Reassure them that you will give them your support, and allow them time to work it through. Make it clear that you will be around to talk to now or in the future, and help them to trust you not to push them into expressing things before they are ready. Ask if they know any other friends they would find it easier to talk to, or if they would like to see a Rape Counselor, and offer to help them organize this if they'd like you to, but remember not to pressure them into anything they don't feel ready for.

Don't Take Control

Sexual abuse makes people feel invaded, changed and out of control; try to imagine how this feels, and try to do what helps them rather than what makes you feel better - listen to what they want. It is crucial that they be able to make their own decisions and regain influence over what happens in their lives in order to rebuild trust and strength.

It is common for loved ones, themselves distressed, to step in and be too protective, or to treat them differently and make their decisions for them, all of which can add to their frustration. Ask them how they want to be helped, and in trying to do this you'll help rebuild their trust.

Do Help Them to Feel Safe

Help them to feel safe and take part in things again, but only at their own pace and in ways they feel are best. Knowing they can talk to you about feeling unsafe and can ask for your companionship when they need it, will be reassuring as they tackle difficult things.

Don't Frighten Them

Don't come up behind them or touch them unexpectedly or in a way that reminds them of the assault. They may want to be held and comforted, or prefer not to be until they feel safe - ask what feels best.

Don't feel offended if they find it difficult to be close, emotionally or, if you are their partner, sexually, after the assault. It is not that they feel you might assault them but that it may recall their feelings of violation and fear.

Encourage them to say what is comfortable and safe and how they want to spend their time with you. If you find that there is an emotional distance between you following the assault, try not to blame them or put pressure on them to forget it quickly. Seek support for yourself from someone who may understand - feeling guilt or pressure will only make it harder for them to work through the experience. Feeling that you are listening and responding, on the other hand, will help them to re-establish feelings of closeness and trust.


Don't Direct Anger at Them

Don't direct the anger and frustration you are likely to feel about the assault at the survivor. They will already be worried that what has happened to them will hurt those close to them.

Reassure them that you know it isn't their fault, and if you do feel anger, make it very clear that it is directed towards those who committed the assault and not them. Remember that threatening to take the law into your own hands is not helpful; it can make them feel even more unsafe, make them distressed to see you so upset, or could worry them that you'll get into trouble or get hurt. It can also make them feel out of control of the situation and that their needs are again being ignored.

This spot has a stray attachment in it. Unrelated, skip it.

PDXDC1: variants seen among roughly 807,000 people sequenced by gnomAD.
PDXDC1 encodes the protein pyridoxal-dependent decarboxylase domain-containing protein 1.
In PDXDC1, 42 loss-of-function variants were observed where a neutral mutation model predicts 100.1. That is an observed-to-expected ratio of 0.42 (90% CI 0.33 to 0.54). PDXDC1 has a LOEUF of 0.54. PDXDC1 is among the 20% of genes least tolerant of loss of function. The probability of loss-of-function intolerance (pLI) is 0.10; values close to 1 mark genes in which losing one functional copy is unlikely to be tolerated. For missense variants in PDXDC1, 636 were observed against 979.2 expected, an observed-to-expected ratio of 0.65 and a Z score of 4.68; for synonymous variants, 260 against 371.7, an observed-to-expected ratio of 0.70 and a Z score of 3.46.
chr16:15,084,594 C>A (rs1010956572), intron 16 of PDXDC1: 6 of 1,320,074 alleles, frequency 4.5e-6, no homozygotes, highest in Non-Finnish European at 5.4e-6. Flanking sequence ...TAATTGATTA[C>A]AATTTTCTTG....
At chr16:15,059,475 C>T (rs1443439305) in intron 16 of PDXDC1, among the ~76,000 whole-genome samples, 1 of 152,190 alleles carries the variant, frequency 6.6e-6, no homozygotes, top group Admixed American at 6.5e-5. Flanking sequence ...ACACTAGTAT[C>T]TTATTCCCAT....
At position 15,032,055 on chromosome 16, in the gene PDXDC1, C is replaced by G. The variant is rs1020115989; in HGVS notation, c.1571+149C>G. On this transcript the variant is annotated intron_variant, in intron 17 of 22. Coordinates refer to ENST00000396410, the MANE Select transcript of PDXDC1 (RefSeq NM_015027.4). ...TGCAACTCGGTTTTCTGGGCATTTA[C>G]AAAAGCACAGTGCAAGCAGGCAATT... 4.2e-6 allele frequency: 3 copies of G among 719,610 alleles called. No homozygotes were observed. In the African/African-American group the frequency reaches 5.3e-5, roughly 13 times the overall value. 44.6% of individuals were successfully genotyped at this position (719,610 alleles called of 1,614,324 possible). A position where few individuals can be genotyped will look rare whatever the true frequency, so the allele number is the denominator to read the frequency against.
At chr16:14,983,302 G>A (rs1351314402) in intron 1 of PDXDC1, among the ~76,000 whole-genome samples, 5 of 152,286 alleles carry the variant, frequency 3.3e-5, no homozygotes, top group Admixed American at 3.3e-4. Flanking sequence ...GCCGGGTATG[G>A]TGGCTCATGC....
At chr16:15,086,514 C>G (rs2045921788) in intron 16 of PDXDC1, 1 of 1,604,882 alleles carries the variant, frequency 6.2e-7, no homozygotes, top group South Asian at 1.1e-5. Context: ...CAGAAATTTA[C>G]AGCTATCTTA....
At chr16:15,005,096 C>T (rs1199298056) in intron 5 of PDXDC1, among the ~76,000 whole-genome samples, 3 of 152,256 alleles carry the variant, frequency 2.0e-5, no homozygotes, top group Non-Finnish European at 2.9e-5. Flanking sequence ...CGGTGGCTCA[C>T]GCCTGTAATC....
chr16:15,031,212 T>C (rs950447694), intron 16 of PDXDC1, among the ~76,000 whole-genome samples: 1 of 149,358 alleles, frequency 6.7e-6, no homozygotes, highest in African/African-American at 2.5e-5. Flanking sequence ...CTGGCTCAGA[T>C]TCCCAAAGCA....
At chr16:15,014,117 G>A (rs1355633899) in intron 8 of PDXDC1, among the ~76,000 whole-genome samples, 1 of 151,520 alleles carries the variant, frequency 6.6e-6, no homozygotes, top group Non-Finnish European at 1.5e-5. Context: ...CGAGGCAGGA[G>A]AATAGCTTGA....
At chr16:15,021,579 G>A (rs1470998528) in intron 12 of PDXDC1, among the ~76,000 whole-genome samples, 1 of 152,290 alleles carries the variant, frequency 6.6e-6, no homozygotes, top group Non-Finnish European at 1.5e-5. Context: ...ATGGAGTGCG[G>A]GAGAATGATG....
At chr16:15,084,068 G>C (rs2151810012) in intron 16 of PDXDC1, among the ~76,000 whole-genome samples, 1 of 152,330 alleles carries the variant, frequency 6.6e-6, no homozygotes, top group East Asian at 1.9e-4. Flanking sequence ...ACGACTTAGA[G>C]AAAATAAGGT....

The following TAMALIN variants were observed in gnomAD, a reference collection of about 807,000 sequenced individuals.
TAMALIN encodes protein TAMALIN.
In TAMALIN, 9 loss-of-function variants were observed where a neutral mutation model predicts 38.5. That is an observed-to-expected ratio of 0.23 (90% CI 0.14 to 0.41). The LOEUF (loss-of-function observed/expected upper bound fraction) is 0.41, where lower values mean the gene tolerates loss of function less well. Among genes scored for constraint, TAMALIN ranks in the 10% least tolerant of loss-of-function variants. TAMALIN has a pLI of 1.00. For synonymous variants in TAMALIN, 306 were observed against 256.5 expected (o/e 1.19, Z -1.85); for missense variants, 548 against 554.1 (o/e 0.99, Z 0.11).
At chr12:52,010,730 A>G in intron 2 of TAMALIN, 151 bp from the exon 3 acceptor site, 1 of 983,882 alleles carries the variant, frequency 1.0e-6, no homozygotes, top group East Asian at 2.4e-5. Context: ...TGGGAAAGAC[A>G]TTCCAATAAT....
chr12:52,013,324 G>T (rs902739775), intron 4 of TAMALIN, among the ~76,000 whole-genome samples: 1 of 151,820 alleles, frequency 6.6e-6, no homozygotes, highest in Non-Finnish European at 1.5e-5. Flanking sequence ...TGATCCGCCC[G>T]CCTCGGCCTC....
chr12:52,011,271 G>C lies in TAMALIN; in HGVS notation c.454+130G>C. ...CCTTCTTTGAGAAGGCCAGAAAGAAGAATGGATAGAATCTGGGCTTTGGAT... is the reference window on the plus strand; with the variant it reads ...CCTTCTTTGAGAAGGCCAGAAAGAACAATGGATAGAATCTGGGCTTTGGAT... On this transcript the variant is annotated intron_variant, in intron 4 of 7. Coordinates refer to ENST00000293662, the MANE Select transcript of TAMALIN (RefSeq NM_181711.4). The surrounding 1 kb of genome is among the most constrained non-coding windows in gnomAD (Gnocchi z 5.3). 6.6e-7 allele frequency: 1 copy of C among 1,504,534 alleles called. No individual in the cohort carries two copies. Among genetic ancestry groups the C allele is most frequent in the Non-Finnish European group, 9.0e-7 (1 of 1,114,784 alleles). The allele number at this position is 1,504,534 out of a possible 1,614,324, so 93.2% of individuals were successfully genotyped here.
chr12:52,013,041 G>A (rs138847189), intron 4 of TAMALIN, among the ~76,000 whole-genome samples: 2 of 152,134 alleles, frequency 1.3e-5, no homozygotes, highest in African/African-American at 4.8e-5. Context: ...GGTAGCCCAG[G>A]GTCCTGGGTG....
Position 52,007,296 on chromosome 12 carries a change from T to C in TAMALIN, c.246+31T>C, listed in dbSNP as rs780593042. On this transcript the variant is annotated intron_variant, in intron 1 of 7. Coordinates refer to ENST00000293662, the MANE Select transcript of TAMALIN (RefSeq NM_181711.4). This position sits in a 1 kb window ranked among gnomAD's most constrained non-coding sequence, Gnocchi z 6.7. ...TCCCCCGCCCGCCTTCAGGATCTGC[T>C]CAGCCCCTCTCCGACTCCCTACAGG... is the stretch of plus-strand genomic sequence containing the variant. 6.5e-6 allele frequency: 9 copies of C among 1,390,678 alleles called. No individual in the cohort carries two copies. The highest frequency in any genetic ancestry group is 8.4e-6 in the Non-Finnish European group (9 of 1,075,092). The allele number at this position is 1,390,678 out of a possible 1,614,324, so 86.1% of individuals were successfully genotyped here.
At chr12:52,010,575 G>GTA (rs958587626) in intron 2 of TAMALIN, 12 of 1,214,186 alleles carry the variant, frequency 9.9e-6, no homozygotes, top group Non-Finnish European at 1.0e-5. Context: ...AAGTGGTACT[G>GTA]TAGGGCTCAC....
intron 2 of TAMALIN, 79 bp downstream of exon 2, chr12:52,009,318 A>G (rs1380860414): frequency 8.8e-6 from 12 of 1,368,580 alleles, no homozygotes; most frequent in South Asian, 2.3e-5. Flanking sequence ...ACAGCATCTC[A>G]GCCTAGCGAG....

You may need to ask friends or other trusted people for support and ideas about how to deal with your own understandable feelings of anger and frustration.

Don't Blame Yourself

Don't blame yourself for what happened because you weren't with them, hadn't protected them, etc. The responsibility lies solely with those who committed the assault.

Don't Speak for Them

Don't speak for them unless they specifically want you to. When friends, the police, the doctor, etc., ask how they feel, always let them speak for themselves. If they want to talk to someone who isn't emotionally close to them, make it clear that they can choose whether or not you are with them.

Do Encourage a Medical Checkup

Remember that whether or not they choose to report the assault to the police, they should have a medical check-up, and may need pregnancy, HIV or STD tests, although again, remember not to put pressure on them.

Don't Expect Too Much of Yourself

They may need different types of support from different people. No one person can do everything for them. It can help you too to know that they can go to other people for support if they choose to. Sometimes, a counselor or trusted friends and colleagues can help in ways those closest to them can't.

You won't be able to magically make everything better straight away, but by showing them that you believe them, that you don't blame them, and that you want to help them regain control of their life, by listening, respecting their feelings and views and showing you care, you can make a great difference and help them begin to heal again.

next: Tori Amos on Being a Rape Survivor
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~ all abuse library articles
~ all articles on abuse issues

APA Reference
Staff, H. (2008, November 17). Supporting Someone Who Has Been Raped or Sexually Assaulted, HealthyPlace. Retrieved on 2024, June 24 from

Last Updated: May 5, 2019

Medically reviewed by Harry Croft, MD